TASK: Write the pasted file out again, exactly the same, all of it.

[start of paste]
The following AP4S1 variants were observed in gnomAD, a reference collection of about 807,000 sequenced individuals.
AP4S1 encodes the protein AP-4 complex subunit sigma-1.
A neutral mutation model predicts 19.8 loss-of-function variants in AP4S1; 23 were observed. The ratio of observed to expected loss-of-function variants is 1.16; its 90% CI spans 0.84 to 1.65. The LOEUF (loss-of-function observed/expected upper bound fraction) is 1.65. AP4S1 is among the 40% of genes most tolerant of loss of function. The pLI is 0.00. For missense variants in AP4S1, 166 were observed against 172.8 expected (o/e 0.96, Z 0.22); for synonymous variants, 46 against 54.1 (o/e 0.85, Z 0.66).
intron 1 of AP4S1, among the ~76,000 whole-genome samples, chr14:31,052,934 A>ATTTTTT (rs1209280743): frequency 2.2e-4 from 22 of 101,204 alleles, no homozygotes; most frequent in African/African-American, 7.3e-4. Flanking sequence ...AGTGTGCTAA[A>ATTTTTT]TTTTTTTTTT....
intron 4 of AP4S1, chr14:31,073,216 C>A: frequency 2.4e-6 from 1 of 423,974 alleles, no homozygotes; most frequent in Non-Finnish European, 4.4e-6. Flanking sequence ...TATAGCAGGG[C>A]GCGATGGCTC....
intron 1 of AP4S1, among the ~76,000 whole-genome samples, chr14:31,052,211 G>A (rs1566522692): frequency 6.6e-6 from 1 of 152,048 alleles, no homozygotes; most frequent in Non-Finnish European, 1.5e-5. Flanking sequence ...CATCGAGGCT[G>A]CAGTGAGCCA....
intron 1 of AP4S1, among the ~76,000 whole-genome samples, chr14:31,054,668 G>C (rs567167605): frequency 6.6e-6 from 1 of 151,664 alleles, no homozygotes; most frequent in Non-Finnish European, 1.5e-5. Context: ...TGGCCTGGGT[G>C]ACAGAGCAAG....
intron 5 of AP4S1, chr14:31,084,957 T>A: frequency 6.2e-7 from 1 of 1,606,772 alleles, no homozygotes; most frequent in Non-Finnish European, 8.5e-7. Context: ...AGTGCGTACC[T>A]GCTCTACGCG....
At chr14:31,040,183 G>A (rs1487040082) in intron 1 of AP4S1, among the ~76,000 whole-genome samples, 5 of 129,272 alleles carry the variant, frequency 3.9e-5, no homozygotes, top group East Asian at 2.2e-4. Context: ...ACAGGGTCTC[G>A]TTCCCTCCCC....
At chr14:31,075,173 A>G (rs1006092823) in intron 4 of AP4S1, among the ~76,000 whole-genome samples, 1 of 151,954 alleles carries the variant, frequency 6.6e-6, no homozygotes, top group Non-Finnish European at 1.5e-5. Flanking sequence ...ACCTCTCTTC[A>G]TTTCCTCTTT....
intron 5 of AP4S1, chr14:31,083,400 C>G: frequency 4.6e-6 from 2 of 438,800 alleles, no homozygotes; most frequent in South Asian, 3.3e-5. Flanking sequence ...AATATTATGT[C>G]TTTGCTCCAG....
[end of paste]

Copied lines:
The following AP4S1 variants were observed in gnomAD, a reference collection of about 807,000 sequenced individuals.
AP4S1 encodes the protein AP-4 complex subunit sigma-1.
A neutral mutation model predicts 19.8 loss-of-function variants in AP4S1; 23 were observed. The ratio of observed to expected loss-of-function variants is 1.16; its 90% CI spans 0.84 to 1.65. The LOEUF (loss-of-function observed/expected upper bound fraction) is 1.65. AP4S1 is among the 40% of genes most tolerant of loss of function. The pLI is 0.00. For missense variants in AP4S1, 166 were observed against 172.8 expected (o/e 0.96, Z 0.22); for synonymous variants, 46 against 54.1 (o/e 0.85, Z 0.66).
intron 1 of AP4S1, among the ~76,000 whole-genome samples, chr14:31,052,934 A>ATTTTTT (rs1209280743): frequency 2.2e-4 from 22 of 101,204 alleles, no homozygotes; most frequent in African/African-American, 7.3e-4. Flanking sequence ...AGTGTGCTAA[A>ATTTTTT]TTTTTTTTTT....
intron 4 of AP4S1, chr14:31,073,216 C>A: frequency 2.4e-6 from 1 of 423,974 alleles, no homozygotes; most frequent in Non-Finnish European, 4.4e-6. Flanking sequence ...TATAGCAGGG[C>A]GCGATGGCTC....
intron 1 of AP4S1, among the ~76,000 whole-genome samples, chr14:31,052,211 G>A (rs1566522692): frequency 6.6e-6 from 1 of 152,048 alleles, no homozygotes; most frequent in Non-Finnish European, 1.5e-5. Flanking sequence ...CATCGAGGCT[G>A]CAGTGAGCCA....
intron 1 of AP4S1, among the ~76,000 whole-genome samples, chr14:31,054,668 G>C (rs567167605): frequency 6.6e-6 from 1 of 151,664 alleles, no homozygotes; most frequent in Non-Finnish European, 1.5e-5. Context: ...TGGCCTGGGT[G>C]ACAGAGCAAG....
intron 5 of AP4S1, chr14:31,084,957 T>A: frequency 6.2e-7 from 1 of 1,606,772 alleles, no homozygotes; most frequent in Non-Finnish European, 8.5e-7. Context: ...AGTGCGTACC[T>A]GCTCTACGCG....
At chr14:31,040,183 G>A (rs1487040082) in intron 1 of AP4S1, among the ~76,000 whole-genome samples, 5 of 129,272 alleles carry the variant, frequency 3.9e-5, no homozygotes, top group East Asian at 2.2e-4. Context: ...ACAGGGTCTC[G>A]TTCCCTCCCC....
At chr14:31,075,173 A>G (rs1006092823) in intron 4 of AP4S1, among the ~76,000 whole-genome samples, 1 of 151,954 alleles carries the variant, frequency 6.6e-6, no homozygotes, top group Non-Finnish European at 1.5e-5. Flanking sequence ...ACCTCTCTTC[A>G]TTTCCTCTTT....
intron 5 of AP4S1, chr14:31,083,400 C>G: frequency 4.6e-6 from 2 of 438,800 alleles, no homozygotes; most frequent in South Asian, 3.3e-5. Flanking sequence ...AATATTATGT[C>G]TTTGCTCCAG....